The authors noted that there had been an “explosion” of books since 2007, following a string of high-profile events, including: Al Gore’s 2006 film Inconvenient Truth and its 2007 Academy Award; the 2007 Nobel Peace Prize to Gore and the Intergovernmental Panel on Climate Change (which found “unequivocal” evidence of global warming attributable to human activities); the 2009 United Nations climate summit in Copenhagen; and the push for climate legislation in the US Congress, which was defeated in 2010.

Overall, 72 percent of the 108 books had “a verifiable link” to a conservative think tank, and virtually all of them espoused conservative ideology, Dunlap and Jacques found. Thirty-three books were self-published (mostly between 2007 and 2009). About 40 percent of these books, often by authors with no scientific training, had links to think tanks, but they often relied heavily on other think-tank-affiliated books, according to Dunlap and Jacques.

While 66 of the 108 climate denial books came from American authors (61 percent), another 19 books (18 percent) came from the UK, followed by seven from Canada, and six from Australia. The rest came from nations such as Denmark, France, Sweden, the Czech Republic, Germany, New Zealand, and the Netherlands. Since 2000, four of every 10 denial books have come from authors outside the US—evidence, say Dunlap and Jacques, of “the success of the US conservative movement in helping diffuse denial internationally.”

They also credit a coterie of primarily American contrarian scientists (usually PhDs in natural science or physics with links to think tanks who have authored climate-denial books) with “planting and legitimizing climate-change denial within conservative circles.” These include Singer and Michaels, as well Frederick Seitz, Robert Jastrow, and Robert Nierenberg (the last three co-founded the conservative George C. Marshall Institute, and are now deceased).

Lawyer Christopher Horner, affiliated with the Competitive Enterprise Institute, wrote Red Hot Lies in 2008 and The Politically Incorrect Guide to Global Warming (and Environmentalism) in 2007, both published by the conservative Regnery Publishing.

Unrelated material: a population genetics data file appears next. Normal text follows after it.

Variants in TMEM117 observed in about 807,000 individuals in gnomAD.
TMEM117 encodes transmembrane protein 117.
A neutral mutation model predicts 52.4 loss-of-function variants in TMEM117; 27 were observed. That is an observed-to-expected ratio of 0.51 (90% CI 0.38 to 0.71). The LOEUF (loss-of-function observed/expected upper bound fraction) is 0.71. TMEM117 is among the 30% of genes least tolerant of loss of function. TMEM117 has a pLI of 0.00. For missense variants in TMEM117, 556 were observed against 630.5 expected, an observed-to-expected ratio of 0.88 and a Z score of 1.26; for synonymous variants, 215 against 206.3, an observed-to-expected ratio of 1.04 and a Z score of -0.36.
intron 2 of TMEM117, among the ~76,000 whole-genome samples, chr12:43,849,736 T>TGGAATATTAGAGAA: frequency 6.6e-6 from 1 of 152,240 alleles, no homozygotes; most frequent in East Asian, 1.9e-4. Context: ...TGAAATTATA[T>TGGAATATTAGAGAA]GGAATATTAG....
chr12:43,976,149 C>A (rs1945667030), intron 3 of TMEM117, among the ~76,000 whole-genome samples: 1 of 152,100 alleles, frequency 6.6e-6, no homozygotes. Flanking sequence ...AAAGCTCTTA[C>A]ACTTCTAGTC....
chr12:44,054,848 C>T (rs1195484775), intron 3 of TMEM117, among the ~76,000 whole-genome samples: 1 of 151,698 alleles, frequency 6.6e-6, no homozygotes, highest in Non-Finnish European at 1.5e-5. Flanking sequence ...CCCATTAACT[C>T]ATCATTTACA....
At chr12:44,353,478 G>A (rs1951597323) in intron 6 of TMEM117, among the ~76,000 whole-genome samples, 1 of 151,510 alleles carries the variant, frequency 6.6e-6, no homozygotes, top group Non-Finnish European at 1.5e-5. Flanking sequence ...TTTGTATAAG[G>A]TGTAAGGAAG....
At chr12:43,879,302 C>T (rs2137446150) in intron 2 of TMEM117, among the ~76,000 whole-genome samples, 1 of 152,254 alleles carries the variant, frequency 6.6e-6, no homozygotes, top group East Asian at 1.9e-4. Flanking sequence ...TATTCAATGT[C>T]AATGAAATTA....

Dunlap and Jacques’s study will appear in the June issue of American Behavioral Scientist as part of a seven-part special package, edited by Dunlap, focused on “climate change skepticism and denial.” Although their analysis didn’t examine works published after 2010, Dunlap said that climate-denial books continue to be published and may become even more popular if the Obama administration follows up its climate-change rhetoric with new initiatives to control heat-trapping greenhouse-gas emissions.

Indeed, a list of books found on Amazon on Tuesday by searching for “climate change” or “global warming” included two 2012 climate-denial books near the top: Global Warming False Alarm, 2nd edition: The Bad Science Behind the United Nations’ Assertion that Man-made CO2 Causes Global Warming, by Ralph Alexander, an Australian with a PhD in physics who works as a “market analyst in environmentally friendly materials at a small Midwest consulting firm in the USA,” and The Greatest Hoax: How the Global Warming Conspiracy Threatens Your Future, by James Inhofe, the Republican senator from Oklahoma—where Dunlap teaches.


Cristine Russell is a CJR contributing editor and the president of the Council for the Advancement of Science Writing and a senior fellow at Harvard's Belfer Center for Science and International Affairs. She is a former Shorenstein Center fellow and Washington Post reporter.